New social welfare political party established
A new political party, the Social Welfare Party (SWP, ), was established in Taipei yesterday to campaign for better social welfare policies, joining a wave of new and emerging parties that are eyeing seats in Taiwan’s Legislature.
“The population of people with disabilities has reached 1.14 million in Taiwan and these people and their families expect our care and support,” Cheng Long-shui (
), chairman of the party, said at a press conference to announce the establishment of the SWP.
Cheng, a former New Party ( ) legislator, said the Social Welfare Party is a single-issue party focused solely on advancing social welfare in Taiwan.
The SWP aims to relax regulations so that foreign caregivers can be hired to take care of all disabled people and senior citizens aged 70 and above, and improve the certification and testing of accessible environments for disabled people, Cheng said.
The party also supports longterm care programs for senior citizens and the removal of registration fees for disabled people and senior citizens at hospitals and clinics, Cheng said.
It also hopes to subsidize caregiver costs for low-income families and people with severe disabilities, fund the purchasing of special needs equipment by disabled people, and provide more educational and professional training subsidies to disabled people, he said.
Cheng said his party is expected to announce in late October or early November its list of candidates for district and legislator-at-large seats in Taiwan’s ninth legislative elections on Jan. 16, 2016.
“We have no plans to cooperate with any political parties at the moment, but we invite all parties to work toward the goal of advancing social welfare,” he said.
He said the SWP is aiming to win 15 percent of the valid votes in the legislative elections and five legislator-at-large seats in the 113-seat Legislature.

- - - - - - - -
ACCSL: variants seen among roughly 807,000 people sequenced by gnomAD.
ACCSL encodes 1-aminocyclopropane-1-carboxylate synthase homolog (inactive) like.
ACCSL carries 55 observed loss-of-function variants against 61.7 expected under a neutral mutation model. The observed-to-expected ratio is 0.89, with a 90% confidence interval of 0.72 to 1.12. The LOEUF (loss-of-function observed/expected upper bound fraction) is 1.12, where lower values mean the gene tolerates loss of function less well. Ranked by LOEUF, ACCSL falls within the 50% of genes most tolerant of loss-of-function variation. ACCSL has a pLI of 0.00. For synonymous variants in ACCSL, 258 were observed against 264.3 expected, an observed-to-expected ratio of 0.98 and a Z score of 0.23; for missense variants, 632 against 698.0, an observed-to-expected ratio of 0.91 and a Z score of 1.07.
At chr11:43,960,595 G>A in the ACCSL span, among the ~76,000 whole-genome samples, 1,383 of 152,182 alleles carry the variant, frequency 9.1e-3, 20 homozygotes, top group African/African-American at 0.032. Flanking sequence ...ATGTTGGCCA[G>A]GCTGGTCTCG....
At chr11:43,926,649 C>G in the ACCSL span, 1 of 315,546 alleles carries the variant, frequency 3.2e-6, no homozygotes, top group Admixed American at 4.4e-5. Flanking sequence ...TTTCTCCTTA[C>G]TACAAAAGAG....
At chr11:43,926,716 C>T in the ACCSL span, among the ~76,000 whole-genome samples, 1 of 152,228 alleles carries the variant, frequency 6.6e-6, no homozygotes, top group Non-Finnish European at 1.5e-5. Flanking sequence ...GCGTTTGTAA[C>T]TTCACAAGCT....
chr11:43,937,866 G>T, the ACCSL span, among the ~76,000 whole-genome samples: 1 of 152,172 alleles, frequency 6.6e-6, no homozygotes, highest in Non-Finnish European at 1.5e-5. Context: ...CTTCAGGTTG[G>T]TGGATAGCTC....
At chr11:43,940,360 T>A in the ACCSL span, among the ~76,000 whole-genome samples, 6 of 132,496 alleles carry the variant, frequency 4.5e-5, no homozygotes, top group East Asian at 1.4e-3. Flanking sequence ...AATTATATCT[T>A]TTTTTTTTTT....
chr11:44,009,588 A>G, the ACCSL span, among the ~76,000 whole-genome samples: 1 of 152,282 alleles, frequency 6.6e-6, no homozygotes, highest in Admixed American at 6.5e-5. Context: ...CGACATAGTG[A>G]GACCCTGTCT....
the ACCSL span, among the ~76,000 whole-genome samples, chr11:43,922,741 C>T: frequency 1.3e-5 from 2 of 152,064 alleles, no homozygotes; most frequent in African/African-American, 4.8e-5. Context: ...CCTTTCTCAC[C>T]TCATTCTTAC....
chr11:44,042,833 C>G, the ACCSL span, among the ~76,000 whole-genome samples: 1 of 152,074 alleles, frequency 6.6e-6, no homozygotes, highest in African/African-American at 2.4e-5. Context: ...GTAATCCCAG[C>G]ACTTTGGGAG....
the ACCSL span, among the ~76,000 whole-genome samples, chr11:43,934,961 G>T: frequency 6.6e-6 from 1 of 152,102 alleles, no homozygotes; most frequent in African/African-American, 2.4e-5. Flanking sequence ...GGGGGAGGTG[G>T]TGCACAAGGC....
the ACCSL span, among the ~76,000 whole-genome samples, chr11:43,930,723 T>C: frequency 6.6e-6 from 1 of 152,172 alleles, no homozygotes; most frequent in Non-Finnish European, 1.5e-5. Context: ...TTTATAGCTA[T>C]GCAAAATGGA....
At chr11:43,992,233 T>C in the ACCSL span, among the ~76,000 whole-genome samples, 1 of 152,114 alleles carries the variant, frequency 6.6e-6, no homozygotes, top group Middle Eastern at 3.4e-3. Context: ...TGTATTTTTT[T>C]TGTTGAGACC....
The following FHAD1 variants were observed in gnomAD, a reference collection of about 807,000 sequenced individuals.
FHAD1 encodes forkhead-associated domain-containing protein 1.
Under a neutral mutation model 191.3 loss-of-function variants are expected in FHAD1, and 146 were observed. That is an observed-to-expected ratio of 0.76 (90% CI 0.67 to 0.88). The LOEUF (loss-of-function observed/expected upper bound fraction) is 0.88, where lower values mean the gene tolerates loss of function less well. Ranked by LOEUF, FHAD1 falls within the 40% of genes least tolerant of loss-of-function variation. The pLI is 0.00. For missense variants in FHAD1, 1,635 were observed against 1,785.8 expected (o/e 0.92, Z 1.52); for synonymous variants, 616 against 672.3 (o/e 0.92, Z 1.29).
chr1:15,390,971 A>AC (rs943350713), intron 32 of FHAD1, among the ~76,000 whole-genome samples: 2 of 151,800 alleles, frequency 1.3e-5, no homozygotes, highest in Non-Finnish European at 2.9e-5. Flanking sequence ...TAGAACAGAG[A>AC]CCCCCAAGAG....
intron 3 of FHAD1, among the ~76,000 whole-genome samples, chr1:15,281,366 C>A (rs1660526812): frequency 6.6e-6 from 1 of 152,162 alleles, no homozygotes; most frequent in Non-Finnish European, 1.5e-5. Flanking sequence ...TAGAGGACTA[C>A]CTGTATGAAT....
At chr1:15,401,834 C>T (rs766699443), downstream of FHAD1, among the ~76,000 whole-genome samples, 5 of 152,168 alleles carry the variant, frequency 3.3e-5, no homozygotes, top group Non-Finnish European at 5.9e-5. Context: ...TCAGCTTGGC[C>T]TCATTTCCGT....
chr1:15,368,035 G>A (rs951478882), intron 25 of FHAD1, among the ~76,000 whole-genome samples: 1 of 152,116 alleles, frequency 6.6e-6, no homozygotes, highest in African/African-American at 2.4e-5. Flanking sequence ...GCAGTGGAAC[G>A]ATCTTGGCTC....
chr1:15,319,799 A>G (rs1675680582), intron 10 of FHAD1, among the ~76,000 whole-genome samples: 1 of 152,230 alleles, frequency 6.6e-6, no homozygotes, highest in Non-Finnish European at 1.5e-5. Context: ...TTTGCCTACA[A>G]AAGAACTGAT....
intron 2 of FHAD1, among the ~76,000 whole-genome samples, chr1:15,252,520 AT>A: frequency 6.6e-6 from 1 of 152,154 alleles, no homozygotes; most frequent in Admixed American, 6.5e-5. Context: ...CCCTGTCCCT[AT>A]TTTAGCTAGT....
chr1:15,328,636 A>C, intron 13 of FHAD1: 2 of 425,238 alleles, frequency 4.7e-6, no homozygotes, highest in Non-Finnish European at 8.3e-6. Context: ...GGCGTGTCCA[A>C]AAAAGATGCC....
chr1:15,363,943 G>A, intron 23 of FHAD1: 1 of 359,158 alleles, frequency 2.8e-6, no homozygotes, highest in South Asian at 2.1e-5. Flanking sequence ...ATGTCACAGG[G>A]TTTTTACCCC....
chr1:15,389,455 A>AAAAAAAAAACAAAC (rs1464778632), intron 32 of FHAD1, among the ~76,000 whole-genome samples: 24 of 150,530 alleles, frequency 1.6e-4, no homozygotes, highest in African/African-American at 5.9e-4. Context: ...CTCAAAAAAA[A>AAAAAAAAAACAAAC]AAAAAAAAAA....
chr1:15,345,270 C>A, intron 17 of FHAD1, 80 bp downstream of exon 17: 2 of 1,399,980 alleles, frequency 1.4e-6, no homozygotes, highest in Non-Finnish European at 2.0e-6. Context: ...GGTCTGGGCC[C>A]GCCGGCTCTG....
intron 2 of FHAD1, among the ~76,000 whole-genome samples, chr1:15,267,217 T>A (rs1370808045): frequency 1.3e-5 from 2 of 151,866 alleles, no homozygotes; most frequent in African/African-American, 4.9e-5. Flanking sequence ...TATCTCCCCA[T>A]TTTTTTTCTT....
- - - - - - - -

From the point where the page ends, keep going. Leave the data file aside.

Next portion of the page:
The vice chairman of the party is Pai Hsiu-hsiung ( ), a former deputy Taipei mayor. Its other core members include Ku Yeun-wen (
), professor of social work at National Taiwan University; Lin Chung-shan ( ), associate professor of political science at Chinese Culture University; and advertising consultant Jerry Fan ( ).
In order to carry out the afore- mentioned policies without adding a burden to the government budget, Cheng said, his party is proposing increasing the taxes on the rich, raising the business tax by 1 percent and hiking the health and welfare surcharge on tobacco products by NT$10 ( US$0.31) per packet of cigarettes.
It is also proposing raising the alcohol tax by 10 percent and allocating half of the earnings from public welfare lotteries to social welfare programs, Cheng added.
On the question of whether his party will endorse any of the current presidential candidates, Cheng said only if they support the SWP’s polices.
The SWP is likely to endorse any such candidates before the 2016 presidential election in conjunction with the legislative elections, he said.
“We want to let everyone know that ‘blue’ or ‘green’ are not the only options for Taiwan, ‘unification’ or ‘independence’ are not the only possibilities, and collision is not the only choice,” said Hsu Tao ( ), a university student and head of the party’s Youth League.
Hsu said his party hopes to “occupy the Legislature with votes.”